former DC mayor dead at 78
Divisive and flamboyant, maddening and beloved, Marion Barry outshone every politician in the 40-year history of District of Columbia self-rule. But for many, his legacy was not defined by the accomplishments and
failures of his four terms as mayor and long service on the DC Council.
Instead, Barry will be remembered for a single night in a downtown Washington hotel room and the grainy video that showed him lighting a crack pipe in the company of a much-younger woman. When Federal Bureau of Investigation (FBI) agents burst in, he referred to her with an expletive. She "set me up", Barry said.
Barry died Sunday at 78. His family said in statement that Barry died shortly after midnight at the United Medical Center, after having been released from Howard University Hospital on Saturday.
The year was 1990, and crack cocaine had exploded in the district, turning it into the nation's murder capital. In his third term, the man known as the 'Mayor for Life' became a symbol of a foundering city.
Federal authorities had been investigating him for years
for his alleged ties to drug
suspects, and while he denied using drugs, his late-night
partying was taking a toll on his job performance.
The arrest and subsequent conviction - a jury deadlocked on most counts, convicting him of a single count of drug possession - was a turning point for Barry.
Barry's six-month term in
federal prison was hardly the end of his political career. But it
forever changed how it was
perceived. To some, he was a pariah and an embarrassment. But to many district residents, particularly lower-income blacks, he was still a hero, someone unfairly persecuted for personal failures.
Back in office
Barry returned to the DC Council in 1992, representing the poorest of the city's eight wards. Two years later, he won his fourth and final term as mayor. The electorate was starkly divided along racial lines, and Barry advised those who had not supported his candidacy to "get over it".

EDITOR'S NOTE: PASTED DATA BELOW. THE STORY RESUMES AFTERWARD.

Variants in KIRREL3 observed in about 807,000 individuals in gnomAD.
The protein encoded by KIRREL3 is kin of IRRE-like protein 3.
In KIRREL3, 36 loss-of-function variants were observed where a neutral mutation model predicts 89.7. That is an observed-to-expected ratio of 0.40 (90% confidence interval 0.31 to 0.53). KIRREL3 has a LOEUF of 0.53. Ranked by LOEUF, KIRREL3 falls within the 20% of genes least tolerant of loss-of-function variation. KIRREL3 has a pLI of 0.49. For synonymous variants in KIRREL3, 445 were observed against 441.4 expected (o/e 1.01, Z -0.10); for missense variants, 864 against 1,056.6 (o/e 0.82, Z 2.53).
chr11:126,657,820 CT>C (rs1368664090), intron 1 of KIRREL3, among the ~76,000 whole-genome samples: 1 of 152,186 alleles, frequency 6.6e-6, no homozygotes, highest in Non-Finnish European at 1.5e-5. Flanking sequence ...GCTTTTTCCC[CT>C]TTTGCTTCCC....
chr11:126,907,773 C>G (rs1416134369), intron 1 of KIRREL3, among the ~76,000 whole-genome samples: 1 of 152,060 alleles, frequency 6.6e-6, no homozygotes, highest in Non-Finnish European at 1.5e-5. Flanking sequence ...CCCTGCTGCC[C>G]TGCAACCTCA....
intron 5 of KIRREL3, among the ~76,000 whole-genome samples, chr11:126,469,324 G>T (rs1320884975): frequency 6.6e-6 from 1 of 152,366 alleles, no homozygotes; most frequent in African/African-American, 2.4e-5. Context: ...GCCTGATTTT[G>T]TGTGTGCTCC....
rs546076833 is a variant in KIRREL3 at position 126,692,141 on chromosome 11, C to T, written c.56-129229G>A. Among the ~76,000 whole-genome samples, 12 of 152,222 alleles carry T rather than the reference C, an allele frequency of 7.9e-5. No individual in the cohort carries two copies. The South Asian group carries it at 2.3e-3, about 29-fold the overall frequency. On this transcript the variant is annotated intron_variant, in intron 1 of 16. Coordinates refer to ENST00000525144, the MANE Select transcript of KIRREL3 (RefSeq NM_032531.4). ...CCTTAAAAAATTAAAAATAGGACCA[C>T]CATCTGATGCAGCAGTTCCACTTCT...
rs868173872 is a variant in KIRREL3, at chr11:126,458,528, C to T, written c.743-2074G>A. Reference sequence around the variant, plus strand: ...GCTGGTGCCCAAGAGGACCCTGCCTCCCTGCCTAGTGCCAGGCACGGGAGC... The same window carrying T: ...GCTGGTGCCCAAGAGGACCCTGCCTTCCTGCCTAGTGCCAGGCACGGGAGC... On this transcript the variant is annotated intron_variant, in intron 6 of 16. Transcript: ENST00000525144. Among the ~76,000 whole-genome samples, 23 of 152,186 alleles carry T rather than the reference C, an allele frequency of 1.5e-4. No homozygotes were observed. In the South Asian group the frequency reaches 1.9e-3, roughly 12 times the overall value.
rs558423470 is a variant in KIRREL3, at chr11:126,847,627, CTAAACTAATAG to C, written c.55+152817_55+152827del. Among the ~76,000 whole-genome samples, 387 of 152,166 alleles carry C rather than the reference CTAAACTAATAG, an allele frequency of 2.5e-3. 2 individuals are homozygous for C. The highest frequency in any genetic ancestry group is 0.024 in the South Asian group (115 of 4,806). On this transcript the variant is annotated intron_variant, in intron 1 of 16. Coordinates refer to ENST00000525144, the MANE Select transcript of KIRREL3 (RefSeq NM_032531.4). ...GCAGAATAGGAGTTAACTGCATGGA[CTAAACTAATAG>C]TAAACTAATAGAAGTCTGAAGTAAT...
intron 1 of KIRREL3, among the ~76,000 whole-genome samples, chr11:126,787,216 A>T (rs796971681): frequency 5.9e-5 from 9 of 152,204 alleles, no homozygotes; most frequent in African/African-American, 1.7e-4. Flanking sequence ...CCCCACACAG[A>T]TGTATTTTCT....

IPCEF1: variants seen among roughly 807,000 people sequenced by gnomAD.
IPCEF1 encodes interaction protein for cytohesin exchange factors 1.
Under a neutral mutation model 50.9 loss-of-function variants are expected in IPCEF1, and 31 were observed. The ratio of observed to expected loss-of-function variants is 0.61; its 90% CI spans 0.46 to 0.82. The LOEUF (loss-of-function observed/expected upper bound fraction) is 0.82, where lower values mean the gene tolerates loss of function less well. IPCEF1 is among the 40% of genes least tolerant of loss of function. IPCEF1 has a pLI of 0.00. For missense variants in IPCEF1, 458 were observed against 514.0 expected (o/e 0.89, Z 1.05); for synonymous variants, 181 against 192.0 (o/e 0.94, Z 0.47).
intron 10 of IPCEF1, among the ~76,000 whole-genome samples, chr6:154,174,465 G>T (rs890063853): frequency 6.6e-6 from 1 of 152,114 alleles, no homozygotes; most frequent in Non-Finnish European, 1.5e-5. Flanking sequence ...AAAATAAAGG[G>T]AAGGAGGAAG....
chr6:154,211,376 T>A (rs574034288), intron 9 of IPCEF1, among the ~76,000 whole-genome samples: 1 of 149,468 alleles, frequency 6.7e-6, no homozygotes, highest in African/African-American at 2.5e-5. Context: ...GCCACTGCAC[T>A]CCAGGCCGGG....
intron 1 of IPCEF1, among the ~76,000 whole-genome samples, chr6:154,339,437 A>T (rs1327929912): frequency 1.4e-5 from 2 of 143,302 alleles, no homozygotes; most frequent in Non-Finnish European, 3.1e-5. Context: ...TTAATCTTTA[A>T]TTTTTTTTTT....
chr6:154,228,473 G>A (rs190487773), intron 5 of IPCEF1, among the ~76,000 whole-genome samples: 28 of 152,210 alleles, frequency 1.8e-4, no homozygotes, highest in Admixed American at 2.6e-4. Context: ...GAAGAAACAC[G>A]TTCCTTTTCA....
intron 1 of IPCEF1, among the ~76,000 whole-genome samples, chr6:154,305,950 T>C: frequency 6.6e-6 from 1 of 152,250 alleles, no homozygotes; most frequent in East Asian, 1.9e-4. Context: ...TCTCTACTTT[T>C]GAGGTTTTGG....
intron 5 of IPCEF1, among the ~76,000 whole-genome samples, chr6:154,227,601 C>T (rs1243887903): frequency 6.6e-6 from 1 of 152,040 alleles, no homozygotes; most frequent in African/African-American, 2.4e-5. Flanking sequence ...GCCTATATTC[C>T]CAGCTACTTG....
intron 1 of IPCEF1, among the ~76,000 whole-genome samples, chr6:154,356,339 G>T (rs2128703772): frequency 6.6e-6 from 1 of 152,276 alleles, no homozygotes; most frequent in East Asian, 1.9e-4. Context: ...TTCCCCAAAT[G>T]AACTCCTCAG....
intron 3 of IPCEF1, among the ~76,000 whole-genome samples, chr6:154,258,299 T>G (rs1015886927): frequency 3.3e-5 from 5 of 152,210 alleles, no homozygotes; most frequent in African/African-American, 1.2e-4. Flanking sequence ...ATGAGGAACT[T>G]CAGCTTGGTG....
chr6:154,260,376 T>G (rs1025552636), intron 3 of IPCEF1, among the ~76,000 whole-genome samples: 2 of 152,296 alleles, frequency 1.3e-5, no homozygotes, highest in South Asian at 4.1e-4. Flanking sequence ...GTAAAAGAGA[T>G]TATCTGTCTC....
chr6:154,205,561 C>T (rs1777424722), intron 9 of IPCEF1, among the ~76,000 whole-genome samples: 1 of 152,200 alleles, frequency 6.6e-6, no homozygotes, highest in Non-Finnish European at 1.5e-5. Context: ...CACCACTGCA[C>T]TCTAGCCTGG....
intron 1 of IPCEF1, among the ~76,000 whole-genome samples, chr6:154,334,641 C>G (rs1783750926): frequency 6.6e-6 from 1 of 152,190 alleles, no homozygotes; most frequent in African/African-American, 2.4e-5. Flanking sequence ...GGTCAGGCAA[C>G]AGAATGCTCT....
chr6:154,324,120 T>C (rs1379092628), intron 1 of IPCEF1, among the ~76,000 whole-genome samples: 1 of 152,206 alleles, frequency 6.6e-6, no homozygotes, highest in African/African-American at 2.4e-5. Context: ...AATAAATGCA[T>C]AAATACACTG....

Barry's triumph, though, was short-lived. In 1995, with the city flirting with bankruptcy from years of bloated, unaccountable government, much of it under Barry, Congress stripped him of much of his power and installed a financial control board. Barry held authority over little more than the city's parks, libraries and community access cable
TV station. He decided against seeking a fifth term.
In 2006, Barry was given three years of probation after pleading guilty to misdemeanour charges for failing to file tax returns from 1999 to 2004. As part of a plea bargain, he agreed to file future federal and local tax returns annually, a promise prosecutors later said he had failed to keep.
In 2010, he was censured by the council and stripped of his committee assignments for steering a government contract to a former girlfriend. The council censured him again in 2013 for accepting cash gifts from city contractors.
He suffered numerous health problems over the years. In addition to kidney failure, he survived prostate cancer, undergoing
surgery in 1995 and a follow-up procedure in 2000. In late 2011, he underwent minor surgery on his urinary tract. In early 2014, he spent several weeks in hospitals and a rehabilitation centre
battling infections and related complications.
In a statement yesterday, current Mayor Vincent C. Gray expressed deep sadness after learning about Barry's death. Gray spoke with Barry's wife, Cora Masters Barry, late Saturday and shared his sympathies with her. The couple was long estranged but never divorced.
Barry was married four times and is survived by his wife, Cora, and one son, Marion Christopher Barry.